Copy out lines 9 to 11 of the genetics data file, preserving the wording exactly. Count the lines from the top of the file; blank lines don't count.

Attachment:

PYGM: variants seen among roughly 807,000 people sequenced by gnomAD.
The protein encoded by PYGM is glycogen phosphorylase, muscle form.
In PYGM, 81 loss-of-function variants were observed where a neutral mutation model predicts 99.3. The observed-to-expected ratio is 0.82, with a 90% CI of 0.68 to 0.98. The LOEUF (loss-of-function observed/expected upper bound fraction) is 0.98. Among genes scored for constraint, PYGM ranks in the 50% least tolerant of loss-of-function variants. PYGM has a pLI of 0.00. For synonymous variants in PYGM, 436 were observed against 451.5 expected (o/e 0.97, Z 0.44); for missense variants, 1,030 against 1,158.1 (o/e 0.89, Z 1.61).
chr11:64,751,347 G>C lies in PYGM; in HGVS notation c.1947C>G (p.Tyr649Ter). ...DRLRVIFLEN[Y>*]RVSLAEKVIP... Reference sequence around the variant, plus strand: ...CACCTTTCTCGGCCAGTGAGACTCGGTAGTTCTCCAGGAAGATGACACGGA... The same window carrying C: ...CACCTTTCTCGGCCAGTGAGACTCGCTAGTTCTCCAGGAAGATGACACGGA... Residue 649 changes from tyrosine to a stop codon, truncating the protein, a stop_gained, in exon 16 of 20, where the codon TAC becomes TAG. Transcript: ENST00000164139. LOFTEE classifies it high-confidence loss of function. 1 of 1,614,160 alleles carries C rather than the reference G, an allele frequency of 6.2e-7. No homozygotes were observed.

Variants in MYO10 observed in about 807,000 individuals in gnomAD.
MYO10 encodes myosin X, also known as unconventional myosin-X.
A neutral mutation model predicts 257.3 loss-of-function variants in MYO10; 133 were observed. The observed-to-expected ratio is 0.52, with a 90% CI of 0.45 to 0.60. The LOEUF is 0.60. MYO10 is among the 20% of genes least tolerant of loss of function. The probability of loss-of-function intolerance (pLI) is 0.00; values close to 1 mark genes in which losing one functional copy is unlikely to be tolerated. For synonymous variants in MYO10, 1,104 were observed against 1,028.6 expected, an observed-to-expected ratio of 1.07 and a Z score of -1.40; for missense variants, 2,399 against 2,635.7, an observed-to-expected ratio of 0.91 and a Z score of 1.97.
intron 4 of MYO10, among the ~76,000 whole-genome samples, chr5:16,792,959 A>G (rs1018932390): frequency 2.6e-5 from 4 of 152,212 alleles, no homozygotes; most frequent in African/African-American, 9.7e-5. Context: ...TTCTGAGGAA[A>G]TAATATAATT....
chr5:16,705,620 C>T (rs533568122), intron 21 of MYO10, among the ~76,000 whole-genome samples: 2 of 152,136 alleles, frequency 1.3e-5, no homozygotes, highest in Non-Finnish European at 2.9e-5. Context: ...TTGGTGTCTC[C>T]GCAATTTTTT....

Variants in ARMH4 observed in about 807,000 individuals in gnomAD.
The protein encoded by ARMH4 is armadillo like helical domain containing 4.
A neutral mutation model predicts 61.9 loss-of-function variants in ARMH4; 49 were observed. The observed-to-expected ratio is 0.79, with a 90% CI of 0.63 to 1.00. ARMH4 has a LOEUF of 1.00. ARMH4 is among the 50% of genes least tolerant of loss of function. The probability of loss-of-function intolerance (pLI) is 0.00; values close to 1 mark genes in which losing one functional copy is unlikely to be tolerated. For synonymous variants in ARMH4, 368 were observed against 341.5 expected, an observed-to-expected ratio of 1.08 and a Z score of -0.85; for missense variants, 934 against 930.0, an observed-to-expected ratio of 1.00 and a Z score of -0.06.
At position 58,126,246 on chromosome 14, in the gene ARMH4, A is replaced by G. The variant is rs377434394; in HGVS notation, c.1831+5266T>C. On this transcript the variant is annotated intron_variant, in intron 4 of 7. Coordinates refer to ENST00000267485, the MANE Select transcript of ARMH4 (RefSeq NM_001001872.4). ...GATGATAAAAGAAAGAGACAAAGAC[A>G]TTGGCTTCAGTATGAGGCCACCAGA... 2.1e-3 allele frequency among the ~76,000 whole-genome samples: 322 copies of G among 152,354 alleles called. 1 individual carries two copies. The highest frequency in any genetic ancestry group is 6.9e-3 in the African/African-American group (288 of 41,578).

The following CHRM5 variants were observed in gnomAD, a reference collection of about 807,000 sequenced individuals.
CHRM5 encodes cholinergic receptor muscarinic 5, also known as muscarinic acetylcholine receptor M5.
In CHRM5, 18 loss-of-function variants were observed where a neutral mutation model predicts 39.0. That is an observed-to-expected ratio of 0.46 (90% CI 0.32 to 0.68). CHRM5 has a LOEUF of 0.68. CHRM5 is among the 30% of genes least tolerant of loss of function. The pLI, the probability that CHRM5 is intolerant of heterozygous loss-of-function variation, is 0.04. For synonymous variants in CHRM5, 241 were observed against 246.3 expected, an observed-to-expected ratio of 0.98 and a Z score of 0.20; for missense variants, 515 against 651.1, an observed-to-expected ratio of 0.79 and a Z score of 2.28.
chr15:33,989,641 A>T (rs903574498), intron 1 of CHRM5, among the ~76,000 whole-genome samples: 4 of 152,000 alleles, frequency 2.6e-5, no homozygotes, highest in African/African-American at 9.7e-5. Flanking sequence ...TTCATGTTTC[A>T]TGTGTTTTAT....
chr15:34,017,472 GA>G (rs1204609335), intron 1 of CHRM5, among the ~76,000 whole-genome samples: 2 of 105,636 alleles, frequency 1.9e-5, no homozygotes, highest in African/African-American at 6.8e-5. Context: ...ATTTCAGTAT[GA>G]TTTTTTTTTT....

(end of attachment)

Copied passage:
chr5:16,705,620 C>T (rs533568122), intron 21 of MYO10, among the ~76,000 whole-genome samples: 2 of 152,136 alleles, frequency 1.3e-5, no homozygotes, highest in Non-Finnish European at 2.9e-5. Context: ...TTGGTGTCTC[C>T]GCAATTTTTT....

Variants in ARMH4 observed in about 807,000 individuals in gnomAD.
The protein encoded by ARMH4 is armadillo like helical domain containing 4.